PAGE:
Montana’s rich ranch history continues to evolve as more people seek a slice of the “Big Sky.”

WESTGELBSTEIN, Mont. – Montana is a place where you can lose yourself in mountain ranges, forests, wide valleys and beautiful vistas.

Ranching has been the backbone of the state known as “Big Sky Country” for generations, and it is evolving. As the region becomes more coveted, people worldwide are eyeing the open-air land.

“We’re lucky to be here because there aren’t many people,” said Eric Roberts of CB Cattle & Guest Ranch. “We hope it stays that way, but a lot of people who come here also want to be here.”

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In the sprawling Madison Valley, CB Cattle & Guest Ranch covers 6,500 acres along the entire length of Indian Creek. Kate and Eric Roberts look after about 200 Black Angus cattle and a small team of Quarter Horses. They also produce alfalfa hay.

“Change is inevitable,” said Kate Roberts. “With COVID, the ability to work from home, we’ve definitely seen a shift where more people in rural areas can find employment.”

Known for having a larger cattle population than humans, the vast expanses of Montana are becoming increasingly crowded.

Record 2021 farm and ranch land sales in Montana, sometimes referred to as “the last best place,” resulted in a scarce inventory of ranches in the market, with demand and prices remaining at all-time highs through the summer of 2022.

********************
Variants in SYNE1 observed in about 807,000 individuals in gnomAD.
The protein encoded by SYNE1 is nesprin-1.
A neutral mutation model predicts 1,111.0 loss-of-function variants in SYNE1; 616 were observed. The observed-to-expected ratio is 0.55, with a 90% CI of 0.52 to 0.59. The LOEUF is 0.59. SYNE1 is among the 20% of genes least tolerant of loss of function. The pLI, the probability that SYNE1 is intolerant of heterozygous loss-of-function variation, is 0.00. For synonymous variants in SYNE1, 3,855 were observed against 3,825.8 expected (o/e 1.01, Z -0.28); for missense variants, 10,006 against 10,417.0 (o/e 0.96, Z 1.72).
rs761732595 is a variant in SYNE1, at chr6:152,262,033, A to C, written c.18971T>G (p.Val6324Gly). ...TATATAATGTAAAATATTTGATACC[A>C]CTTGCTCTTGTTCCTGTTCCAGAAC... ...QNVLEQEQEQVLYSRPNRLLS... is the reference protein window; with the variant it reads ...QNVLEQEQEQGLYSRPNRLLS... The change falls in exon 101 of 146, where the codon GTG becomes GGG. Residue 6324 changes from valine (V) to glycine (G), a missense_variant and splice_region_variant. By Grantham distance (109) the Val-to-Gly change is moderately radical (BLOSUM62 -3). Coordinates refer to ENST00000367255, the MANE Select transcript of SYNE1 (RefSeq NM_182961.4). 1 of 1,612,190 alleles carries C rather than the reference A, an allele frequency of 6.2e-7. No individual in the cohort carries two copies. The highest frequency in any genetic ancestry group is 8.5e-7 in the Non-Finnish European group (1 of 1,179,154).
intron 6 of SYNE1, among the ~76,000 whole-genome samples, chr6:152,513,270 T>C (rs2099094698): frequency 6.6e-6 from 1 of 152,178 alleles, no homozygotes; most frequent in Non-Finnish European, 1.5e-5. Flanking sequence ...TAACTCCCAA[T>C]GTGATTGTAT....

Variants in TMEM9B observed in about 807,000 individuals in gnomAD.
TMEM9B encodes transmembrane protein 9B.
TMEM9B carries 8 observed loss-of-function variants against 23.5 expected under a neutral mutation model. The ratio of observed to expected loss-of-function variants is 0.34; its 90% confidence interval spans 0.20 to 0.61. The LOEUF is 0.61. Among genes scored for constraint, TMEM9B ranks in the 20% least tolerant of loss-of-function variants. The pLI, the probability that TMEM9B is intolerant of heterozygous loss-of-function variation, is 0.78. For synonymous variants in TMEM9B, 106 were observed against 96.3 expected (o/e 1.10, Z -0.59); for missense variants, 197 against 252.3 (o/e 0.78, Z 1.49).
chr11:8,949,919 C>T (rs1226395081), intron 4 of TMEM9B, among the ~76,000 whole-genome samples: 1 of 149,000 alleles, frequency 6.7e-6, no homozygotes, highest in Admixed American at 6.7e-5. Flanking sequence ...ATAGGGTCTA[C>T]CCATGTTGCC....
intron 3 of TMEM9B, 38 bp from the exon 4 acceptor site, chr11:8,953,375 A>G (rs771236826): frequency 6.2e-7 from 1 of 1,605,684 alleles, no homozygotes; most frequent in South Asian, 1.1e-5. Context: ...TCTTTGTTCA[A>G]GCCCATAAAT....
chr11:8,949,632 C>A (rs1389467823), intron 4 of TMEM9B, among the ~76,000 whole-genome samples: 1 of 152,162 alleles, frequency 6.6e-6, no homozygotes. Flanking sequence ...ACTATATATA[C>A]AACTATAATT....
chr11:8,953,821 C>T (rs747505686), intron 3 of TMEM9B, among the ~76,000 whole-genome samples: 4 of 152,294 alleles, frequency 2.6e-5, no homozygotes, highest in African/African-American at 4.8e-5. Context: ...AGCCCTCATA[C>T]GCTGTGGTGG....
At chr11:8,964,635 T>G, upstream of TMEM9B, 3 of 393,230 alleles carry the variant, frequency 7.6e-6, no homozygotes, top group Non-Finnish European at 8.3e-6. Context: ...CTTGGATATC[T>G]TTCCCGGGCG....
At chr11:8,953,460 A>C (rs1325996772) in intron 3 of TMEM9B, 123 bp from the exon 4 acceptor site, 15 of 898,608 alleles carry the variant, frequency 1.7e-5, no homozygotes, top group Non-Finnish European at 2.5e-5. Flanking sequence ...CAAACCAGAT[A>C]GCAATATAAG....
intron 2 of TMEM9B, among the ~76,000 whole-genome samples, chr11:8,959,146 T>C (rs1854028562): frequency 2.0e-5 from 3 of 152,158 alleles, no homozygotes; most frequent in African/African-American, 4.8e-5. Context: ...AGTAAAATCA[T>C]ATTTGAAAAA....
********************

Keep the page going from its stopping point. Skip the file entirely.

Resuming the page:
“The more development and urban pressures these areas have, the more impact it will have on wildlife and our food source,” said Kate Roberts. “It’s important to think about it.”

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Agriculture remains Montana’s most important economy, although high-tech is quickly moving up this list as more people immigrate to the state. Montana Governor Greg Gianforte has welcomed the influx of new residents while trying to preserve the state’s uniqueness.

“Farming is our foundation, and it’s critical to the state of Montana that we keep the land productive,” he said. “We can do both, develop land and raise cattle in the countryside.”

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For the Roberts, they worry about being able to continue raising cattle as a family tradition.

“The greatest asset we have is our real estate value,” Kate Roberts said. “This isn’t the kind of business where — raising cattle, you don’t get rich… and the easiest way to make a profit is to cash it out and sell it to a divider.”

CB Cattle & Guest Ranch has no plans to sell, but they are concerned about other agricultural producers across the state who may have to do so due to the rising costs of keeping animals healthy and their operations running smoothly.

Only time will tell how the history of Montana ranchers will evolve and adapt.

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